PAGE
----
A Midsummer Night’s Dream
Michael Grandage Season
Noel Coward Theatre, London
Directed by Michael Grandage
This was the fourth in the season and a major star production with David Walliams as Bottom and Sheridan Smith as Titania. The production is advertised as two hours and twenty minutes with a fifteen minute interval. I’d say the interval was nearer twenty and we were on the street by 4.45, so one hour 55 minutes by my watch, and that includes several minutes of David Walliams as Pyramus dying, decent dance routines and lots of applause. That means a very short, heavily cut production, which means pace is paramount. So paramount that I thought it cut to Classics Illustrated level. That’s deliberate. A key concept for the Michael Grandage Company is providing 100,000 tickets for the 15 month season at £10 each, queue on the day. They claim the star name concept has brought in 25% first time theatre visitors. The astonished laughter at several points in the production showed that some wonderful bits of the play were new to people. It’s a laudable concept, and it has been mentioned that eventually they hope to sell future seasons on their own merits rather than on participating stars. But the popular names bring people in, and this cuts the play to its proven best bits. It also rebalances the five threads: the Athens frame story, the four lovers, the forest, the rude mechanicals rehearsing, the Pyramus & Thisbe play within a play.
We’re in the modern day, starting in a subdued Athens with grey and beige smart, uptight clothes. Once we get to the forest the first-rate set (designed by Christopher Oram) opens up, and the surround is a ruined classical palace with blue murals of a forest on the walls. The back wall has collapsed in a circle through which we see a huge photographic full moon. The set and costumes (also by Oram) are such a strong point that as with the rest of the season, Grandage has been parsimonious with production photos online. At the point of writing five days in, there were none (I’m adding them as they appear). The sets and costumes are a surprise and a thrill, and they are keeping that for the theatre.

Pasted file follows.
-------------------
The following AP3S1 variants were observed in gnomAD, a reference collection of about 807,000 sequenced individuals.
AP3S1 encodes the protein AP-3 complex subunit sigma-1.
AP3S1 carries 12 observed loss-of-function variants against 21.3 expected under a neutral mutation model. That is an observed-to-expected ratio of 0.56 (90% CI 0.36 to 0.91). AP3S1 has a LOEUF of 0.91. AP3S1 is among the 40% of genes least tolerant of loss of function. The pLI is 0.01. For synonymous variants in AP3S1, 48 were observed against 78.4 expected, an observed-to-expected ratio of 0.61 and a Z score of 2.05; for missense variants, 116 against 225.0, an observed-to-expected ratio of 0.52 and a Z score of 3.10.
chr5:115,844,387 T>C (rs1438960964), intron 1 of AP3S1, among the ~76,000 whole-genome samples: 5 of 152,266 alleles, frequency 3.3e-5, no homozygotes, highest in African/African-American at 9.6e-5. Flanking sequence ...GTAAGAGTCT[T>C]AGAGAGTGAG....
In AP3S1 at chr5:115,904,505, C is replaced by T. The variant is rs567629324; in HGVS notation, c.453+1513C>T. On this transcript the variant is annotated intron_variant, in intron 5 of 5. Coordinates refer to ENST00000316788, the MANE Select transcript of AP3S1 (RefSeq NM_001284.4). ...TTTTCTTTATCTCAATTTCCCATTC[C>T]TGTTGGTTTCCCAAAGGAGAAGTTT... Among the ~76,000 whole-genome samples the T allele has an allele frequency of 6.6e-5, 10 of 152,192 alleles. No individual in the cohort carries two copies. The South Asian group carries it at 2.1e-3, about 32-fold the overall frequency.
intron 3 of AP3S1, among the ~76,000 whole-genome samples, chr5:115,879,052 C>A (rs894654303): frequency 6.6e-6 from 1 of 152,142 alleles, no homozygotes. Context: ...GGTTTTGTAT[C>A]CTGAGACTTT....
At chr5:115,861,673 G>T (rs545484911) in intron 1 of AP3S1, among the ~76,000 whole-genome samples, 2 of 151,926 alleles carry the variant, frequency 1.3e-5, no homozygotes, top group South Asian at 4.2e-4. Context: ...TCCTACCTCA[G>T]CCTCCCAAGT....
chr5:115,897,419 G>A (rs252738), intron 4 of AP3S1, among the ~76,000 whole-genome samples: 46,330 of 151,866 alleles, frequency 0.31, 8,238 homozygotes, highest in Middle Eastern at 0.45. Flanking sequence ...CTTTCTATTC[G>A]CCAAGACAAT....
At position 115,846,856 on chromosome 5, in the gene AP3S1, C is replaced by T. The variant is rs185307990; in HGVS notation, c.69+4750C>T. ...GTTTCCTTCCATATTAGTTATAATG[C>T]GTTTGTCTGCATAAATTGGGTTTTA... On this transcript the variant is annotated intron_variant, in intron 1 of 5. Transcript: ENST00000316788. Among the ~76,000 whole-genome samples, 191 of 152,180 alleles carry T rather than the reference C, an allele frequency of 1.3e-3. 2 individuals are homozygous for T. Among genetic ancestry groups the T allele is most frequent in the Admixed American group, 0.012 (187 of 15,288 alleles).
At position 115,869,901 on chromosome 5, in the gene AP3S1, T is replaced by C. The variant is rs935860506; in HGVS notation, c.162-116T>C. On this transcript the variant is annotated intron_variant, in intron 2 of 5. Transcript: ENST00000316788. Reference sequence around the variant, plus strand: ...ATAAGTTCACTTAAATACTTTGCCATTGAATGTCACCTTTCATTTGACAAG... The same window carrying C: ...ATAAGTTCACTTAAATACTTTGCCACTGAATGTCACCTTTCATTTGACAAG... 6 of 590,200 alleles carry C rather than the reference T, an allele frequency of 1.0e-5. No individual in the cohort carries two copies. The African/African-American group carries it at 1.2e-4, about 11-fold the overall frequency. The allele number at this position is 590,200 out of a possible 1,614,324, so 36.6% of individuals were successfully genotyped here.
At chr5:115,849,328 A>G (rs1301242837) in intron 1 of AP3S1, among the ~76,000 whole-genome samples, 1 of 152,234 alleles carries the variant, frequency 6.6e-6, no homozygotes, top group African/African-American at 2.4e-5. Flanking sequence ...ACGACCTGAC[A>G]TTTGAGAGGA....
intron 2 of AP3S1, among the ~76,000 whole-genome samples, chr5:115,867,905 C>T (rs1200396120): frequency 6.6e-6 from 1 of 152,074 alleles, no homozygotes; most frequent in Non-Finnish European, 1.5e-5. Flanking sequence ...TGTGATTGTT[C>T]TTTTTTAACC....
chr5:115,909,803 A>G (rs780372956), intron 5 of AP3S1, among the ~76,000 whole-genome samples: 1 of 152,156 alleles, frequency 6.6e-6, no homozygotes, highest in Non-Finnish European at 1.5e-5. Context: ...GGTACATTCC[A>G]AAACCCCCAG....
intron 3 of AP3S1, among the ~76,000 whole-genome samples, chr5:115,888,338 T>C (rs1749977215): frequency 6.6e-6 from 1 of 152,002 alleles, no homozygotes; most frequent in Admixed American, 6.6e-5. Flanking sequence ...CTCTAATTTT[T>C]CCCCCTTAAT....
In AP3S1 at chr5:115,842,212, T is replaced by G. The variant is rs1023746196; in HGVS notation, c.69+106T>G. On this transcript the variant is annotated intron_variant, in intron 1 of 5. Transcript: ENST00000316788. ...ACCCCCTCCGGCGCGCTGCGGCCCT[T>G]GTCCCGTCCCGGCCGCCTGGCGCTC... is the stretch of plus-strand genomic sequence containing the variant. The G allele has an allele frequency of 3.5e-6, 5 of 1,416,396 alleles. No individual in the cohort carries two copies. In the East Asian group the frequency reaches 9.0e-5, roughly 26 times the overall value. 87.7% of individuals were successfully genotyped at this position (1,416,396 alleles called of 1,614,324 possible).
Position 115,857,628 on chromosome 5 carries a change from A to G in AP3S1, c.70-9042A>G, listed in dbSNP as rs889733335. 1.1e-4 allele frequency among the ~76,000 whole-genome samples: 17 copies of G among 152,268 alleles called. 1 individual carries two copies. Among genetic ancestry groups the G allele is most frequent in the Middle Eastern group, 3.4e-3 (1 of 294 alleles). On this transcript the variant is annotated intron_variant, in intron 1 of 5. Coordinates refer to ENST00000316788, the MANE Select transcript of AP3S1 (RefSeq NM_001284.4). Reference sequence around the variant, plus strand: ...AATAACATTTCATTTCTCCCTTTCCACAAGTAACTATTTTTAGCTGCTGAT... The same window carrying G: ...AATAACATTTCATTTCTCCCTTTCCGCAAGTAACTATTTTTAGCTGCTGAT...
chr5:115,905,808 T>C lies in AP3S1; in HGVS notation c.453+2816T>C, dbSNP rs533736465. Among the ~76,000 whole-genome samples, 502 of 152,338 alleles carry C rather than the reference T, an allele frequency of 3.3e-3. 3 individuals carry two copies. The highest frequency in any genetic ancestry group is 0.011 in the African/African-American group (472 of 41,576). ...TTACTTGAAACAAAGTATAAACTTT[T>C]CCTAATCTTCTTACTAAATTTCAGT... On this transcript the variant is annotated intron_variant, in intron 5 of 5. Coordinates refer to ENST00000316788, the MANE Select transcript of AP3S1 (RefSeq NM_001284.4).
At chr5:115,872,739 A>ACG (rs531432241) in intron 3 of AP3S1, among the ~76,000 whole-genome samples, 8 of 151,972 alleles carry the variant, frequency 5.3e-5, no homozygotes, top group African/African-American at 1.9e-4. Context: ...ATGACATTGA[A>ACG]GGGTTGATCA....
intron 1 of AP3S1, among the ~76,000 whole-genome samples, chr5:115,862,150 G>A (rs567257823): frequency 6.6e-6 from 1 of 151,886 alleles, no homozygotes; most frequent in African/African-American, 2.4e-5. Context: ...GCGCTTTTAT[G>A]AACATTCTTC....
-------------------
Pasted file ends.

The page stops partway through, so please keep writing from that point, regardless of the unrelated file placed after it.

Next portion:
The programme has notes on the Burning Man festival in Nevada, and that’s the major concept. The fairies are wild hippies with bare chests and headbands, with Titania and Oberon as their leaders, and Puck as a bare chested hippie henchman in cut off jeans with tassled edges that make him Pan-like. He’s also the curly-headed smiling Pasolini boy in all those 60s Italian films.
Does it work? In this part, superbly. The fairies have dance and music on their side, and vigour and energy. At its centre is Sheridan Smith’s Titania, a totally wild spirit in floating Janis Joplin garments, massive spliff in hand, an earthy dervish among whirling stomping dervishes. She’s surely the best Titania I’ve seen, as well as the sexiest, even though she plays against a pretty sexless interpretation of Bottom. Sheridan Smith also has full-on charisma on stage at a rare level. As Hippolyta she’s in tight grey formal skirt suit, and hardly gets a word in (most of her lines are cut) which makes for a powerful contrast. Titania is usually secondary to Hermia and Helena in productions, and it can be a rather wet role. Not here. It’s the powerful centerpiece.
Sheridan Smith as Titania
So to David Walliams. I disliked Little Britain mildly, and disliked Come Fly With Me a lot. Conversely, I think the current sitcom, Big School, on its first run as this opens, is very good, and the reviews disparage it by comparing it to 1970s sitcoms, but 1970s sitcoms are surely the peak of the genre. Walliams’ science teacher Mr Church is a brilliant creation. He was cast as Bottom. I’ve seen camp theatrical Bottoms (Christopher Logan for Headlong was so easily the best) and dumb rustic Bottoms. This was not only a camp theatrical Bottom complete with pink shirt and cravat, but a also a gay one skipping off twice hand in hand with Peter Quince (who was very funny, watching jealously as Bottom touched the future Thisbe’s face). Is simply mincing around hand on hip necessarily funny nowadays? I never found it so on Little Britain. The Rude Mechanicals scenes were built around Walliams proven comic ability. He’s good, too, as comedians usually are when they turn to theatre. His fan club were amply present on the matinee whooping and screaming with laughter at every raised eyebrow. Most people think he channels Frankie Howard, but once he had the outsize teeth in, as the ass, it was more Ken Dodd. As Pyramus he changes his coiffeured reddy-brown hair to black.
Bottom as the ass
But as an ass, he’s not fantastic except for the “stoned” scene, and the Pyramus & Thisbe play was too centred on him without enough good other business. They relied on elaborate costumes, and everyone standing in a row. The costumes while elaborate, were carefully aged and slightly tatty as if the players had rented them in from an old fancy dress shop. You can’t lose by having a famous actor come on in a Roman / Greek skirt and breastplate, then ham it up for England, as Morecambe and Wise proved regularly. But Pyramus and Thisbe is supposed to be like that, so this is the original rather than the modern automatic laugh scene. It was good, and to the 25% (a figure I don’t believe) seeing it for the first time, the play within a play was hilarious. BUT if you’ve seen a few, there was nothing new, just same old executed well. Not a Pyramus & Thisbe to remember. I’ve seen half a dozen I do remember. Having said that, he never tried to scene-steal (as famous comedians might) and always appeared to be working for the whole and waiting his moments.